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The Pennsylvania State Police Historical, Educational and Memorial Center located for restoration in the year 2000 an authentic, Pennsylvania State Police patrol vehicle circa 1972.

The goal and mission was to restore and prominently display the car in the Historical Educational and Memorial Center, (Museum) which is located in Hershey, PA. adjacent to the PA State Police Academy.

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187 Police Academy Drive Hershey, PA 17033 

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  The Restoration of a Patrol Vehicle
Vintage 1972 Plymouth Fury

The car was found after a lengthy search and the odometer read a little over 84,000 miles. The car was verified as an authentic PSP vehicle by the two manufacturers broadcast sheets found behind the rear seat, on which were typed the dead-giveaway clue, the words Pennsylvania State Police. The fender tag and broadcast sheets were later decoded and revealed that the Fury II had rolled off the line in June of 1972 in Newark, Delaware. Also noted were that the car was not a Police Package car but rather a special order vehicle with a reinforced roof, heavy duty suspension, electrical and cooling systems, and a certified speedometer. There was an electrical trunk release, and no AM radio. (music could distract a Trooper from his duties). The automatic interior light switch was disabled on the car as well.  This is a safety feature that is still employed today - the Troopers are not silhouetted targets in the cruisers at night.

Other clues were found on the Fury II, such as the siren bracket still mounted under the hood, the foot operated siren button, the fast-idle lockout, and the red activation switch unique to this vehicle. There was also the air-conditioning shut-off switch used when pursuits reached over 100mph.  In addition, the underside of the hood bore the white crayon inscription -50 11/2/78 which referred to the last antifreeze check.  Molding and trim pieces were removed which revealed blue and gold PSP paint scheme beneath the green disguise.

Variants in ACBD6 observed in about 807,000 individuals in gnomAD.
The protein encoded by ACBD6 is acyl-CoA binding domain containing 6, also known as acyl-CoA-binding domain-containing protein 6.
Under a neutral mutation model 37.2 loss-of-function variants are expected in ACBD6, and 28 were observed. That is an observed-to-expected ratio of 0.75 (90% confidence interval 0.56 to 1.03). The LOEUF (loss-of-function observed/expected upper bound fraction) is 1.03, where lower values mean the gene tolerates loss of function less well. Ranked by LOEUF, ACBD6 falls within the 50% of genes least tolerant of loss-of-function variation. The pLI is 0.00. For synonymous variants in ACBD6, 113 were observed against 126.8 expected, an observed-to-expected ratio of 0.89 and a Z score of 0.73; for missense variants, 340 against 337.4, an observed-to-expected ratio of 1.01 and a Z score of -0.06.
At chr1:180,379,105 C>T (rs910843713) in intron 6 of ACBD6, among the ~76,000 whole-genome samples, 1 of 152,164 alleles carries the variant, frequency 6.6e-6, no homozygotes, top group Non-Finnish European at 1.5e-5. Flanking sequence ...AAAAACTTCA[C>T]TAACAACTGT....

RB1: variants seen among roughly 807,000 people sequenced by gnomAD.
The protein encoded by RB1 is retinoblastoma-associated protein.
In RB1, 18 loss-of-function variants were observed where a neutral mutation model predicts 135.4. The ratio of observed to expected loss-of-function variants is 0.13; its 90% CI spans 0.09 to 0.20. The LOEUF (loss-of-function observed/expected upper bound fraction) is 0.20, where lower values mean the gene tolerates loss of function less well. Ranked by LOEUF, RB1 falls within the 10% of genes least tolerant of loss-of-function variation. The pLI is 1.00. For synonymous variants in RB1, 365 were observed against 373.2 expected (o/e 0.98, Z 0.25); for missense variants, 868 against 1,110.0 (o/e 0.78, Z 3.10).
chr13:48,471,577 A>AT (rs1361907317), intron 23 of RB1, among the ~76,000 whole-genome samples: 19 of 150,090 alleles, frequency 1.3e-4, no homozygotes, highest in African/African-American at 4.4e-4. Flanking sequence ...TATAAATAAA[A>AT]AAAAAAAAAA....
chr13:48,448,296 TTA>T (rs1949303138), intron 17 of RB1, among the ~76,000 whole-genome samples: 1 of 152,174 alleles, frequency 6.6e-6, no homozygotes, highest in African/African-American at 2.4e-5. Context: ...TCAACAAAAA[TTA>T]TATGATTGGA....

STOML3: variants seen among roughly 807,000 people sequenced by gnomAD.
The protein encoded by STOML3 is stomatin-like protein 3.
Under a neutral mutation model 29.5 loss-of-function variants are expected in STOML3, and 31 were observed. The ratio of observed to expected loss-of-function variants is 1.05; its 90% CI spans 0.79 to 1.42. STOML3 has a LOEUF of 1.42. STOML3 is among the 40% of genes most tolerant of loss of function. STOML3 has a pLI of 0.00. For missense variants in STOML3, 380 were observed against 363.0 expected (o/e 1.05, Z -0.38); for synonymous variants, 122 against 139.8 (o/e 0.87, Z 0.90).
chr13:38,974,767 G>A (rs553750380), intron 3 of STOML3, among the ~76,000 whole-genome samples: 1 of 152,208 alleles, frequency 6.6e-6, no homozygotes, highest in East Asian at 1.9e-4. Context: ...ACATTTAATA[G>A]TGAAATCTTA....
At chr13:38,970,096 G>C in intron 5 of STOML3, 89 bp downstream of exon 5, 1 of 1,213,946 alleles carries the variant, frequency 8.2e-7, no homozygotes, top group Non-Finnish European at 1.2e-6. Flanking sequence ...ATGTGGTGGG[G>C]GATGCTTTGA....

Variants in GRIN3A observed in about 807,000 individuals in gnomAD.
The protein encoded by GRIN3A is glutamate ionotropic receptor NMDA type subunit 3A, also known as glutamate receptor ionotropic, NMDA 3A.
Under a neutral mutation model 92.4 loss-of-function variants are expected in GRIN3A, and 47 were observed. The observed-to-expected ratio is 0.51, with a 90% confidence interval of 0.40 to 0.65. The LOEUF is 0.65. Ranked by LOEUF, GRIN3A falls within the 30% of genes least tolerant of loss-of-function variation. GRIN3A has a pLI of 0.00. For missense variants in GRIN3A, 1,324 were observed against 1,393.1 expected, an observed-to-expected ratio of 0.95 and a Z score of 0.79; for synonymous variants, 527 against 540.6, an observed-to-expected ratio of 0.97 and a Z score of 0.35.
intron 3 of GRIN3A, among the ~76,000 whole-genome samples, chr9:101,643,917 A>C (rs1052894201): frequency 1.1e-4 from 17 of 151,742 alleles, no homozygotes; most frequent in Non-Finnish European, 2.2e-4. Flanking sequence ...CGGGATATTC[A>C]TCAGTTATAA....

Before: Green and Mean

When the vehicle was found, it was but a rusted, forlorn shadow of its former glory. It arrived back at the Pennsylvania State Police Transportation department, after a 30 year "missing in action" hiatus, painted green and looking nothing like it had when in service. 

Lovingly, and with great patience, care and attention to detail, the crew completely disassembled the car and began to search for parts, sponsors, volunteers, and venues for the car to appear in when it was complete.

The Green Meany in captivity 

According to an article in MOPAR magazine, excerpted almost in its entirety: 
Disassembly began in December of 2000.  The car was initially stripped to the bare unibody, then it was taken to be sandblasted for paint and rust removal.  When it was returned, the unibody was placed on a rotisserie for detailing and painting.  While on the rotisserie, the body was acid-etched and sprayed with two coats of epoxy primer, followed by two coats of high-build primer.  Then came the difficult process of filling and sanding the numerous pits and dings in the bottom of the floor and trunk.